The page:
Refugees Facing End of Federal Aid As Deadline for Citizenship Looms

By Nathaniel Popper

Published March 19, 2004, issue of March 19, 2004.
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CHICAGO — As her husband Iosif explains their dire situation in broken English, 70-year-old Polina Kats sits on the couch in her small Chicago apartment, rubbing her hands while staring out the window with her brows furrowed anxiously.

Since they arrived from Latvia as Jewish refugees almost seven years ago, the Katses have known that they needed to get their citizenship papers within seven years.

They have tried to meet that deadline, as the piles of certified letters and applications on their kitchen table attest. But they still are not even close, and when their allotted time runs out in July, the government, as promised, will cut them off of Supplemental Security Income, which provides them with the $846 a month that pays for their rent and food.

Because of a little-noticed clause in the 1996 welfare reform law, immigrants let into the United States after 1996 for humanitarian reasons have seven years to get their U.S. citizenship before losing SSI benefits. Jewish refugees from Iran and the former Soviet Union form a large block of these immigrants, but Iraqi Kurds, Cubans and Somali Bantus, among others, also are also affected.

For Iosif and Polina, the SSI check is their only source of income. Their caseworker from the Hebrew Immigrant Aid Society of Chicago, Lyudmila Smotkina, who acted as translator for this article, refused to ask the couple what they will do after the July deadline.

“That is a question that can only hurt them,” she said, offended. “I think it’s quite clear what the situation will be.”

The Bush administration appears to have recognized the problem with the time limit. In the 2005 budget that the president proposed last month, the administration allocated money for a one-year extension of SSI benefits for immigrants who are reaching the seven-year limit. But this will not help those, like the Katses, who will have lost their benefits before the proposed budget takes effect next October. It will also provide only a temporary reprieve for the many immigrants who take longer than eight years to make it through the system.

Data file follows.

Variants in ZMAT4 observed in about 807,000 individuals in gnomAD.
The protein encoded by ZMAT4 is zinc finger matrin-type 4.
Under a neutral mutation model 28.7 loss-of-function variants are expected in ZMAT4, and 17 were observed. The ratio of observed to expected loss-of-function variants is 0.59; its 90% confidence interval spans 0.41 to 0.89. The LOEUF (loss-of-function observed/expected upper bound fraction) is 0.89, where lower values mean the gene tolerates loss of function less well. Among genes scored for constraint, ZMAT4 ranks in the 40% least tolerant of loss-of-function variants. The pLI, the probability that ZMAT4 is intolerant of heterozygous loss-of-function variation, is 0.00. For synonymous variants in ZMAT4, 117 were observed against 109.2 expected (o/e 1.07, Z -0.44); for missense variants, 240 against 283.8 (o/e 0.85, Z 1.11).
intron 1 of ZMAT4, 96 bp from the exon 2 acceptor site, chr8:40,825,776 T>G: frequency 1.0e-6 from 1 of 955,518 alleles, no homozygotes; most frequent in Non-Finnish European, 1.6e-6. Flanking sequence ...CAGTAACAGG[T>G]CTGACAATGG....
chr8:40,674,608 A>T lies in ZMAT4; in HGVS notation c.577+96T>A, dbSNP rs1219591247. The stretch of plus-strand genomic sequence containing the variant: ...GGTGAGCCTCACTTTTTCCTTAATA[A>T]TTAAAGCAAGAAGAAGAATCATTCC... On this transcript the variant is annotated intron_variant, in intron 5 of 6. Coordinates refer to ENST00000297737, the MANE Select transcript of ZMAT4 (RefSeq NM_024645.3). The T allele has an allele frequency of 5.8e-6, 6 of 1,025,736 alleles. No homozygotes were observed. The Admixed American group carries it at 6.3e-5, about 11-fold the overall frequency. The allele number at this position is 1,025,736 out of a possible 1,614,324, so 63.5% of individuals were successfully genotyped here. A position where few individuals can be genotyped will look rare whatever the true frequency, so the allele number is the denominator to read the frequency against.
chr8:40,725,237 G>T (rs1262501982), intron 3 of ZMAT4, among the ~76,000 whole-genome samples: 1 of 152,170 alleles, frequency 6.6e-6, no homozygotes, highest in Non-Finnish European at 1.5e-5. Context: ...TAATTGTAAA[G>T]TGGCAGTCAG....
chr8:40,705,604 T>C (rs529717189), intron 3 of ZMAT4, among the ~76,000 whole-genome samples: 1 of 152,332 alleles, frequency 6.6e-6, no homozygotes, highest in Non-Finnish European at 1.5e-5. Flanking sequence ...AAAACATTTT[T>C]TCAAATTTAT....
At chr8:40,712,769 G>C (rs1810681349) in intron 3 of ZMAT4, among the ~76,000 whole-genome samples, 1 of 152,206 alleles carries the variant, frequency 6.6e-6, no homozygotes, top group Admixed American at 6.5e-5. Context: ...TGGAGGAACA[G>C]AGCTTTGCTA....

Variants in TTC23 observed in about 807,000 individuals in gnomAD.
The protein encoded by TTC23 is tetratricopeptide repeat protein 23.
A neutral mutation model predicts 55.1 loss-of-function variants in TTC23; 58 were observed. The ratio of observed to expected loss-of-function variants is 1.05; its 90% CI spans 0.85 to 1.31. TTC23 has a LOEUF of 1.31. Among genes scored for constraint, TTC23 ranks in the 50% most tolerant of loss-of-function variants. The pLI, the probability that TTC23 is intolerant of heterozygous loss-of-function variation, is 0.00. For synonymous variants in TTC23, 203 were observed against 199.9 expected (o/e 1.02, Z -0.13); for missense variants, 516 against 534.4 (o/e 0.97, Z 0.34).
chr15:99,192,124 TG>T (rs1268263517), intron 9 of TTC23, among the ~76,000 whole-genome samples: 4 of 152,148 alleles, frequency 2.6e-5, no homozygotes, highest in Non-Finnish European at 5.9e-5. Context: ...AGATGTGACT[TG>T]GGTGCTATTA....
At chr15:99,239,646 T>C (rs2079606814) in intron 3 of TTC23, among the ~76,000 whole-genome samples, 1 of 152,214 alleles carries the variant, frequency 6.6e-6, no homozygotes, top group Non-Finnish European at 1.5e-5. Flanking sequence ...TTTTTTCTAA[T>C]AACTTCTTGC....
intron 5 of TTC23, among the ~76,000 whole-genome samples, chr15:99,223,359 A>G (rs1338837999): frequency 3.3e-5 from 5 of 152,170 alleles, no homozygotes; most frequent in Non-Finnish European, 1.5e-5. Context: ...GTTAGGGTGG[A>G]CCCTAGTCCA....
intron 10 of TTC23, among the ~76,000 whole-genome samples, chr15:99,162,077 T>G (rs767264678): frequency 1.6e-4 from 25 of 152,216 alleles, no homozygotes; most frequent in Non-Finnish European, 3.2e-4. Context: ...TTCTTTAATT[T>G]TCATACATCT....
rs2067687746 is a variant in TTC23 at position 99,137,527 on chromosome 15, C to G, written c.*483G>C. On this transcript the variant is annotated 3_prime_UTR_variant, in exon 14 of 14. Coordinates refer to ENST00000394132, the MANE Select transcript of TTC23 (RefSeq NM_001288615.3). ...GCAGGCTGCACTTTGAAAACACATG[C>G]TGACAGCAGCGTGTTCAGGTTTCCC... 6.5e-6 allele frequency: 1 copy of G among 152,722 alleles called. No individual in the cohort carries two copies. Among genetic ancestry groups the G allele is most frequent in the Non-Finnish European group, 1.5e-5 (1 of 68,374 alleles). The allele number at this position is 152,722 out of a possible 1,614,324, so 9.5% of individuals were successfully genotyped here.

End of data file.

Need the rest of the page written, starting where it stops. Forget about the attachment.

Since September 11, the difficulties on the road toward citizenship have intensified. The wait time for green cards has almost doubled and immigrant advocates say the U.S. Citizenship and Immigration Services has become less customer-friendly than ever. No one is feeling these difficulties more than the refugees being cut off from government assistance.

The first casualties of the SSI restrictions have appeared only in the past few months, since the seven-year anniversary of welfare reform.

The Social Security Administration estimates that by last September 1,200 immigrants had lost benefits. During 2004, another 8,317 will face the end of their allotted seven years.

The time limit on SSI was only one element of the 1996 welfare reforms that attempted to reduce the number of non citizens receiving government benefits. But immigrant advocates say this particular restriction falls on the last group that should bear the burden of cost-saving measures — the elderly and disabled who are eligible for SSI.

“When we brought these people in as refugees, we knew they were unable to work and we promised them support,” said Pam Seubert, vice president of the Jewish Federation of Metropolitan Chicago, who has been one of the leaders in a strong Chicago contingent pushing for legislative change. “It’s immoral to wait seven years and then cut them off at a point when they clearly cannot go home. And for something that is not their fault.”

The lack of an American passport after seven years, refugee advocates say, is rarely for a lack of effort. In the case of the Katses, within a few months of arriving in Chicago they had applied for green cards — the first step toward becoming a citizen.

Polina moved through the process, but she hit a snag with the expiration date of her fingerprints and now she has little chance of making it before July. Right now she is waiting for another fingerprint appointment. Once she gets this and schedules an interview, she will still have to pass the security check, which is said to be the most unpredictable stage in the process.